Rethinking Data Protection, Recovery in a Multi-Cloud World

1 - Rethinking Data Protection, Recovery in a Multi-Cloud World
2 - It's a Myth That Public Clouds Are Infallible
3 - Multi-Cloud Deployments Have Their Own Management Issues
4 - No Guaranteed Uptime in Public or Multi-Cloud Environments
5 - Replication Does Not Mean Recoverability
6 - Consider Carefully Your Database Selection
7 - Don't Assume Your Cloud Providers Have Your Back(up)
8 - Non-Relational Databases Are a Different Ballgame
9 - Version Your Databases
10 - Regularly Test Your Multi-Cloud Data Recovery Strategy
11 - Demand a Federated Management View
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Rethinking Data Protection, Recovery in a Multi-Cloud World

With the rise of modern cloud computing, and corresponding apps with multi-faceted, distributed data, it's time to rethink data protection across the multi-cloud landscape.

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It's a Myth That Public Clouds Are Infallible

While many are making the move to another cloud service provider to combat vendor lock-in, others are spurred by the perception of increased security and 24/7/365 data availability. But is it a myth that public clouds and multi-cloud environments are infallible. Consequently, this propels another necessity: the rethinking and redesign of backup and recovery systems. Even when distributed across multiple cloud providers, data is still vulnerable to internal user error that can result in accidental corruption and deletion of important data sets. Organizations making the move to multi-cloud need more efficient and effective means of protecting their data while keeping it scalable for future growth.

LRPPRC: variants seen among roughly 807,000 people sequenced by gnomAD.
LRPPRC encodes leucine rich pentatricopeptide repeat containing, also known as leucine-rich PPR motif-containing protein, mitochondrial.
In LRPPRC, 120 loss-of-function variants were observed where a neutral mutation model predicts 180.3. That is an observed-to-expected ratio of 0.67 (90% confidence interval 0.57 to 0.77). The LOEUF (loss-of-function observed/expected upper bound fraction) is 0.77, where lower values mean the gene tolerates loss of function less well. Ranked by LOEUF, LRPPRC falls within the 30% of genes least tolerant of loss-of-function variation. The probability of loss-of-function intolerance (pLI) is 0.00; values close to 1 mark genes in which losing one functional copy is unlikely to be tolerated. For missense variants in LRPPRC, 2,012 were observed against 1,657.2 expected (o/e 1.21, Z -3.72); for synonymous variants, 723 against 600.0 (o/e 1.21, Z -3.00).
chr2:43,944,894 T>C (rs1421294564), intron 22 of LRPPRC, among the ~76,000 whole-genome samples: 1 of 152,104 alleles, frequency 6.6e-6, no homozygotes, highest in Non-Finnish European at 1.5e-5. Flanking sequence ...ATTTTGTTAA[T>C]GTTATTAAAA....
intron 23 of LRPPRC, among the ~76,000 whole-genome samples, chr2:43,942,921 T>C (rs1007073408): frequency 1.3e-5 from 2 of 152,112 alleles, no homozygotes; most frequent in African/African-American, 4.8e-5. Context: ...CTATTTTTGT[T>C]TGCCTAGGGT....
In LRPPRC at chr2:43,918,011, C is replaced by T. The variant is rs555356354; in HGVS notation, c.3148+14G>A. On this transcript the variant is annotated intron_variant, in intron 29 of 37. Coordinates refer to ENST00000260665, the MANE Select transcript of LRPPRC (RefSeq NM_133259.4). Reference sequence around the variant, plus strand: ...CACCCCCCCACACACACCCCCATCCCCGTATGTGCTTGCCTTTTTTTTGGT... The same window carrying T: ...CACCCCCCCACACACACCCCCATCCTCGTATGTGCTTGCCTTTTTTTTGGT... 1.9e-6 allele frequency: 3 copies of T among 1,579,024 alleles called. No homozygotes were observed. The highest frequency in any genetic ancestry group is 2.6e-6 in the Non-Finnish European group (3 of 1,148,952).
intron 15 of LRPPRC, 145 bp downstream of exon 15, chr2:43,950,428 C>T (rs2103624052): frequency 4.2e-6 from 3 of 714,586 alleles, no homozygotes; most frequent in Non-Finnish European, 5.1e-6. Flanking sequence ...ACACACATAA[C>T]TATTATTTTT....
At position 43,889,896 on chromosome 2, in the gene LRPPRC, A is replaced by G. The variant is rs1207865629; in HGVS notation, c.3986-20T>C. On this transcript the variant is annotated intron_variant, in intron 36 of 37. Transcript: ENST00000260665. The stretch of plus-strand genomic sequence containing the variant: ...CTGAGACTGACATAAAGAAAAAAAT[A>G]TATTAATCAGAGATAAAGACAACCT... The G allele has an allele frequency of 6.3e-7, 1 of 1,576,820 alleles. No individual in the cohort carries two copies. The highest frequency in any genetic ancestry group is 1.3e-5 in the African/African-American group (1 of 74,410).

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Multi-Cloud Deployments Have Their Own Management Issues

As is the case with new technologies (and technology mash-ups), multi-cloud presents its own set of management challenges and implementation risks. The most difficult to overcome is next-generation backup and recovery requirements of non-relational databases also able to accommodate always-on data protection infrastructure, short recovery point objectives (RPOs) and recovery time objectives (RTOs) and API-based architectures.

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No Guaranteed Uptime in Public or Multi-Cloud Environments

Deploying your application in a public cloud or multi-cloud environment does not automatically guarantee application uptime. Public cloud environments do provide some high-availability, but native functionality can be limited, so plan to augment the native capabilities with your own data protection systems.

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Replication Does Not Mean Recoverability

Some IT professionals believe that data loss is not possible because of infrastructure redundancy, including database replication and availability zones. Even with requisite triple-replication across the infrastructure, the distributed nature of multi-cloud architecture makes it difficult to back up data as well as recover it to any point in time when needed. Point-in-time recovery should be part of a new-gen data protection and recoverability strategy.

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Consider Carefully Your Database Selection